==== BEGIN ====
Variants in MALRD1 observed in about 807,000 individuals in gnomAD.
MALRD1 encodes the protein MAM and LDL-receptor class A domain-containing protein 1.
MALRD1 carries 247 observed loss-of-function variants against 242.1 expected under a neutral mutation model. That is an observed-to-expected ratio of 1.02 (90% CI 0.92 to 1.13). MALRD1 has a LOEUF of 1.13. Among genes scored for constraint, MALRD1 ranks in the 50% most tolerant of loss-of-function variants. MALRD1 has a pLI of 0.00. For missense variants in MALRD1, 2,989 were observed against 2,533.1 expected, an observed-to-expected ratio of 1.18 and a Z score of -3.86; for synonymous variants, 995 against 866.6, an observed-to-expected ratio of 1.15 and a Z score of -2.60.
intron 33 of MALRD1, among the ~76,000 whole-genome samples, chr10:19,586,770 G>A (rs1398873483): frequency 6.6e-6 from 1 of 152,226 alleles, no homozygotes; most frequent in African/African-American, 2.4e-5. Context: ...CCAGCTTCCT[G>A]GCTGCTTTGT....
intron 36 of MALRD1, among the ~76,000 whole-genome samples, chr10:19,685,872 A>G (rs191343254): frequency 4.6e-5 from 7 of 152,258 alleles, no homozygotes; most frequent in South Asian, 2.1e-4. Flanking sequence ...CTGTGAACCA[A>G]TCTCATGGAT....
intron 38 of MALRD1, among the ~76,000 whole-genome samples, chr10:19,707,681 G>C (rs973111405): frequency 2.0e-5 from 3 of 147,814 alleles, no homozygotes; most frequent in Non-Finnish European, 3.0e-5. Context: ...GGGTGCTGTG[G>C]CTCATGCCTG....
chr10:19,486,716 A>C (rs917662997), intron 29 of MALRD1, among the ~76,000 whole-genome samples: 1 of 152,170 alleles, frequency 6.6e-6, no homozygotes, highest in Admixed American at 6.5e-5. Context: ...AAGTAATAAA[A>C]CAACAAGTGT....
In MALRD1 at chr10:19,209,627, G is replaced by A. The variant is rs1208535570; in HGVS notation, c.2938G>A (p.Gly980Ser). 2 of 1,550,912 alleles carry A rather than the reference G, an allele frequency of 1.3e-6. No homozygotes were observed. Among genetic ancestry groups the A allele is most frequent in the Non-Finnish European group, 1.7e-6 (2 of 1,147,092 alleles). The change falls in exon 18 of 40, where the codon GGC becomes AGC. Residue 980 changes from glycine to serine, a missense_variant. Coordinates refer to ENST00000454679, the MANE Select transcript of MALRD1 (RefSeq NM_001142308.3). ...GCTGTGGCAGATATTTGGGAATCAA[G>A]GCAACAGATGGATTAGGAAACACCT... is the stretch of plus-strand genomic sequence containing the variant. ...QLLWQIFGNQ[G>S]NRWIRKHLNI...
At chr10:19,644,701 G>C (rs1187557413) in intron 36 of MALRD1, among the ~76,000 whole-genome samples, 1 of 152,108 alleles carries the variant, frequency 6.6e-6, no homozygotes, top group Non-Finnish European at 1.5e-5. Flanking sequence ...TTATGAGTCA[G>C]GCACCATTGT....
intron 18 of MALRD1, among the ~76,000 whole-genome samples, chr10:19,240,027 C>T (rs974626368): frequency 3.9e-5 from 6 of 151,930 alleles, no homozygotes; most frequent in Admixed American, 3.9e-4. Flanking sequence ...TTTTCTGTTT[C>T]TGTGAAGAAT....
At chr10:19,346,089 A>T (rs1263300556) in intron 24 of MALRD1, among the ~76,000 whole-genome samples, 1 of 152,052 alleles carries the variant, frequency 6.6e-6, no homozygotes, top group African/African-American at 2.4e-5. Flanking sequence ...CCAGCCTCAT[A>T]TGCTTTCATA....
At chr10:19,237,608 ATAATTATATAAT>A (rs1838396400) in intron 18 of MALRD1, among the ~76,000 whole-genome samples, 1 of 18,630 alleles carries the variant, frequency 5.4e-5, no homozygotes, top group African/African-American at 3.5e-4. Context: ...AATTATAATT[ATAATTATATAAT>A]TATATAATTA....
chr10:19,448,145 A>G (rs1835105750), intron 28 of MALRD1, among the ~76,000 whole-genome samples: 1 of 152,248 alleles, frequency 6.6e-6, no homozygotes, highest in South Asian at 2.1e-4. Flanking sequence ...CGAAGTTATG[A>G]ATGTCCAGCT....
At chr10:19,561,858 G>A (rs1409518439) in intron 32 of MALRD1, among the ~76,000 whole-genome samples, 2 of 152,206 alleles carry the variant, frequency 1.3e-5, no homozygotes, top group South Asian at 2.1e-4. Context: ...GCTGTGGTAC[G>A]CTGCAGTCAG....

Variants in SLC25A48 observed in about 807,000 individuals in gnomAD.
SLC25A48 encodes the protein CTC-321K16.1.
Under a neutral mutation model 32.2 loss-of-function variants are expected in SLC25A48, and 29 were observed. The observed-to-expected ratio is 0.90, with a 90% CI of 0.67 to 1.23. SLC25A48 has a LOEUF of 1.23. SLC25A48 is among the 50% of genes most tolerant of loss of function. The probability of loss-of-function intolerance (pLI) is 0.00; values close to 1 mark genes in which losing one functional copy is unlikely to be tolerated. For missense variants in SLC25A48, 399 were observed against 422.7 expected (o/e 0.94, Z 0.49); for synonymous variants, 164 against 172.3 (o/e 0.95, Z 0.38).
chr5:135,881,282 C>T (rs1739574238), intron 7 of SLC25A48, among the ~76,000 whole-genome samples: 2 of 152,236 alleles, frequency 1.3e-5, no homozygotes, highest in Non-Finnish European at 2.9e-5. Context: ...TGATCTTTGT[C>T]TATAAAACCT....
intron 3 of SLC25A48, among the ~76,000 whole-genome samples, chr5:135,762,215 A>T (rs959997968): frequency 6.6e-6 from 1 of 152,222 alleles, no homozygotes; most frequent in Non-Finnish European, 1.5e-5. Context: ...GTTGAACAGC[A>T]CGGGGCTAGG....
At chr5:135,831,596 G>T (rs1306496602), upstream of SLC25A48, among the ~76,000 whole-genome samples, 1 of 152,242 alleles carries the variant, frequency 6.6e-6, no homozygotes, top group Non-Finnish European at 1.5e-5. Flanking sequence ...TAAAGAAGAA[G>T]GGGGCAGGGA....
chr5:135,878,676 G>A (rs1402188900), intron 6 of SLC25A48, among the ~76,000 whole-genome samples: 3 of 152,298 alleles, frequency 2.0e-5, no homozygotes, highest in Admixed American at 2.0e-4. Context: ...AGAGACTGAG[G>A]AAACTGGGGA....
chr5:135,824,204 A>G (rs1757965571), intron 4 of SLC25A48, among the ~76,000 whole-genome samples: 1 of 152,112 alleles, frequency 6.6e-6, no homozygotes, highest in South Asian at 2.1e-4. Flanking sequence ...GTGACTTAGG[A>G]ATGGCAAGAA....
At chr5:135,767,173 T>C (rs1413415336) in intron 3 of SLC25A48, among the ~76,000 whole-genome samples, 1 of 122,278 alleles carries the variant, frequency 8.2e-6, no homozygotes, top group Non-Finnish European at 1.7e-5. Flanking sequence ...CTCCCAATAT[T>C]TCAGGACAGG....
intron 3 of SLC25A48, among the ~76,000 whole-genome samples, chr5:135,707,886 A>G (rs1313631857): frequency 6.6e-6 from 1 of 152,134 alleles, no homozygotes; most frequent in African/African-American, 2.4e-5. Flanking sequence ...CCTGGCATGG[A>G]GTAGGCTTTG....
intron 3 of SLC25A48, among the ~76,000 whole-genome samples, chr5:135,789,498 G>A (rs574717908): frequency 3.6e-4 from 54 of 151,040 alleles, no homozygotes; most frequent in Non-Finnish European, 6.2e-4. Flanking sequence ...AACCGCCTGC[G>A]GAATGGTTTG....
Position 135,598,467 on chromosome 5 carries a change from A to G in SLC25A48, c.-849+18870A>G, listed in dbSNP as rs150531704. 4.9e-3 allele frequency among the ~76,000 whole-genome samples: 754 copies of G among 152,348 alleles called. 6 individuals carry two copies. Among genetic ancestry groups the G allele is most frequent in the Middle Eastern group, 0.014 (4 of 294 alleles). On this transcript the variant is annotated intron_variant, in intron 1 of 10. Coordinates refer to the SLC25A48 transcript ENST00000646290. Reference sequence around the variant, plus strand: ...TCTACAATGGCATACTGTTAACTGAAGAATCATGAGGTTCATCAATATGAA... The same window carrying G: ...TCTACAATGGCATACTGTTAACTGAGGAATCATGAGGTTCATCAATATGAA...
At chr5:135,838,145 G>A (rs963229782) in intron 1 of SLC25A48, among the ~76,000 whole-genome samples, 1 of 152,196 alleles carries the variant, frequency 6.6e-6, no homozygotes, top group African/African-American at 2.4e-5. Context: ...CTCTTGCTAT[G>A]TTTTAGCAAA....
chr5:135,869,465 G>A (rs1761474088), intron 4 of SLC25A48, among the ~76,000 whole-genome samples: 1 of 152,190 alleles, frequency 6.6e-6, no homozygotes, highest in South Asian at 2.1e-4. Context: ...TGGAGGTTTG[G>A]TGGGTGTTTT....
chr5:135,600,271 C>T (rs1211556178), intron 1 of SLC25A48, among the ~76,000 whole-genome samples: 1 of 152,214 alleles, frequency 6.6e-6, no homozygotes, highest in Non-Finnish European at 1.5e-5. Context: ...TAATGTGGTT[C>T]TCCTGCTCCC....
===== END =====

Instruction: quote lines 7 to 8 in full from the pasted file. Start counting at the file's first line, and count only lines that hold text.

chr10:19,486,716 A>C (rs917662997), intron 29 of MALRD1, among the ~76,000 whole-genome samples: 1 of 152,170 alleles, frequency 6.6e-6, no homozygotes, highest in Admixed American at 6.5e-5. Context: ...AAGTAATAAA[A>C]CAACAAGTGT....
In MALRD1 at chr10:19,209,627, G is replaced by A. The variant is rs1208535570; in HGVS notation, c.2938G>A (p.Gly980Ser). 2 of 1,550,912 alleles carry A rather than the reference G, an allele frequency of 1.3e-6. No homozygotes were observed. Among genetic ancestry groups the A allele is most frequent in the Non-Finnish European group, 1.7e-6 (2 of 1,147,092 alleles). The change falls in exon 18 of 40, where the codon GGC becomes AGC. Residue 980 changes from glycine to serine, a missense_variant. Coordinates refer to ENST00000454679, the MANE Select transcript of MALRD1 (RefSeq NM_001142308.3). ...GCTGTGGCAGATATTTGGGAATCAA[G>A]GCAACAGATGGATTAGGAAACACCT... is the stretch of plus-strand genomic sequence containing the variant. ...QLLWQIFGNQ[G>S]NRWIRKHLNI...